We’ll open tomorrow with a brief tour of 61Fresh, The Boston Globe’s attempt to make sense of what people in the Boston area are saying on Twitter. As Justin Ellis reports for the Nieman Journalism Lab, the effort is entirely automated.
On Friday we will have our second guest speaker — Brooks Canaday, a staff photographer for Northeastern University and a photojournalist who has shot for the Boston Herald and other clients.
I am also stretching out our photo-story assignment, which I haven’t posted yet. I have revised the syllabus, so please take a look. Your photo story will now be due on Monday, Oct. 7, at 9 a.m. For this coming Tuesday, I want you to shoot five people-oriented photos and be prepared to show them and edit them in class. Again, consult the syllabus for further details.
The syllabus originally said that we would be posting our slideshows to Flickr. Unfortunately, the new “improved” Flickr looks nice but, in my opinion, is no longer a suitable tool for putting together a news presentation. We will base our slideshows on WordPress galleries instead.
Here are some places where you can find great photojournalism every day:
Many thanks to Josh Stearns for talking with us today about verification and citizen media (not to mention verification and professional journalism). Please write a blog post about or related to Stearns’ talk, with some links in time for Friday’s class.
Also, you should have just about finished your Storify in class. Please get it the way you like it and then post a link to it from your blog. I’m not looking for you to say much on your blog — what I’ve done on my blog is fine.
Our first guest speaker of the semester will be Josh Stearns of the media-reform organization Free Press, who’ll be joining us on Tuesday at about 9:15 a.m. Please spend some time with his “Storify of the Year,” which is on the syllabus. Also, he has a brief essay on verifying breaking news that I would like you to read and a Tumblr, Verification Junkie, where he collects verification tools.
Your assignment for using Twitter as a news tool is to cover an event and post at least 10 tweets, then write a blog post about it. Embed your tweets in your blog post as I have done below. The event could be a speaker, a sports event or even a street fair that you run across. Please attempt to take and post a couple of photos in your Twitter feed. (If your phone doesn’t allow you to post pictures, don’t worry about it.)
Do not forget to include a link to your Twitter feed in your blog post.
Posting links by cellphone is too difficult, and doesn’t fit all that well with covering an event. But, as a rule, posting links is one of the most important things you can do on Twitter, as it enables you take part in the ongoing conversation. These days, most Twitter clients take care of link-shortening automatically.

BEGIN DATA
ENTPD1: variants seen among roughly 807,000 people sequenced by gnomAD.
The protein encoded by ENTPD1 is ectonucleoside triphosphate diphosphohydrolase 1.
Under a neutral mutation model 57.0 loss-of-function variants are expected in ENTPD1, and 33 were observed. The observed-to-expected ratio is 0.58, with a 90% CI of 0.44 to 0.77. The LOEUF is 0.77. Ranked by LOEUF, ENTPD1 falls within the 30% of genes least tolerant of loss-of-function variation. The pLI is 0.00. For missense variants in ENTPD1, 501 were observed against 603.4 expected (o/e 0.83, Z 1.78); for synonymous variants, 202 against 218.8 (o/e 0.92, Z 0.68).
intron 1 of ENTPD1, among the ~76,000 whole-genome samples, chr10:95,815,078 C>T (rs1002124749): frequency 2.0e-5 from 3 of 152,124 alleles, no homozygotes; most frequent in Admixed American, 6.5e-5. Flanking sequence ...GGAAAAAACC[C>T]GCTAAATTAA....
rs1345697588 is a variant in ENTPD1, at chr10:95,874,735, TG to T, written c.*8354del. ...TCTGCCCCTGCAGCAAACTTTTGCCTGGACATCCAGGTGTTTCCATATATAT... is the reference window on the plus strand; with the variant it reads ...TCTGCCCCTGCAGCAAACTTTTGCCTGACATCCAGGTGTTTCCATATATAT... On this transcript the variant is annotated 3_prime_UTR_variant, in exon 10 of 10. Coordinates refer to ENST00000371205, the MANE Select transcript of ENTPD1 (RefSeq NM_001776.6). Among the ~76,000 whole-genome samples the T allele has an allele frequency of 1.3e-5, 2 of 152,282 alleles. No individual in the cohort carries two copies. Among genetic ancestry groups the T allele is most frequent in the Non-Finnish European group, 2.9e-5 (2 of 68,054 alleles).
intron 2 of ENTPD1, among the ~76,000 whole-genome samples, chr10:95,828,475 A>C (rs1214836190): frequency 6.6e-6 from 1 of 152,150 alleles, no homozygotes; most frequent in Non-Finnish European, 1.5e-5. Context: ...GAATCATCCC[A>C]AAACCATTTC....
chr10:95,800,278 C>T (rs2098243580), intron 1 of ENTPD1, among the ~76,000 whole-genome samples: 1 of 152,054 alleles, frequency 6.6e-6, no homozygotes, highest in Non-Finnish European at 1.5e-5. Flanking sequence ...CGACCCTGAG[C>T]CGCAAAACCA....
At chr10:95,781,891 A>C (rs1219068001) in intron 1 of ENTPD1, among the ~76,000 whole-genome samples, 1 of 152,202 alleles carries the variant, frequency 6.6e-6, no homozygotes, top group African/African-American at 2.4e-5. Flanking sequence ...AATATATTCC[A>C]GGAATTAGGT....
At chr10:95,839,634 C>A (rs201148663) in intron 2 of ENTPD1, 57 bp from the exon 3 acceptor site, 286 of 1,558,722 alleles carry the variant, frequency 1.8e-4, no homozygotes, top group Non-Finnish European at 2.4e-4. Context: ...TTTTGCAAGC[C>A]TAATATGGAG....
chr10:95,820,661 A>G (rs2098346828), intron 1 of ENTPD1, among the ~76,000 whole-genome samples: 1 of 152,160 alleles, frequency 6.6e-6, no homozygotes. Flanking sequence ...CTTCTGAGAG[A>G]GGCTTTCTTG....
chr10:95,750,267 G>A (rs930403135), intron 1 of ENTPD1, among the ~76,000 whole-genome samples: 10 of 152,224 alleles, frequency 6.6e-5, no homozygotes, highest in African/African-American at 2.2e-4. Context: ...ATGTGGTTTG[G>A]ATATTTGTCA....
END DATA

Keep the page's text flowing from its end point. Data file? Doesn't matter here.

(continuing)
Once you are done, write up a brief blog post describing the event, what you were hoping to accomplish and what you see as the positives and negatives of covering a story via Twitter.
If you are completely puzzled by the idea of covering an event via Twitter, I thought I would link to a few of the tweets I posted on the evening of Dec. 8, 2009, when I was at Martha Coakley’s headquarters following her victory in the Democratic primary for the U.S. Senate. During the campaign, the hashtag #masen became universally known as the best way to tag your tweets so that other people interested in the race could find them. As you’ll see, some of these tweets include photos. A random sample appears after the jump:
1. A follow-up from the Atlantic Wire on the photo of the alleged shooting victim that was pulled back by the Associated Press.
2. My synopsis of an interview with Washington Post executive editor Marty Baron on the challenges posed to general-interest news organizations by the rise of communities of shared interests.
Neither is long. Please read them and be prepared to talk about them. We’ll also look at the Twitter feeds you found and get ready for your Twitter coverage assignment.
For your next assigned blog post, please find the Twitter feeds of 10 people or organizations related to your beat. Follow them for a day. See who they’re retweeting. Click on their links. For Friday — before class — write a blog post about your experience, what you learned and how it enhances your ability to work your beat.
List and link to the feeds you are following and write a sentence or two about each one describing what it is.
How to find Twitter feeds related to your beat? Here are a few ideas.
- Look at the Twitter feeds offered by large news organizations such as The Boston Globe and The New York Times.
- If you’re following someone who is useful to you, find out who she’s following. Maybe she’s set up lists. You can follow anyone on that list, or the entire list. Maybe she participates in Follow Friday. See if she’s posted anything with the hashtag #FF.
- Use our friend Google. Let’s say you’re writing a blog about skateboarding in Boston. Google <skateboarding Boston Twitter>.
- Use a search/directory service such as We Follow or Topsy.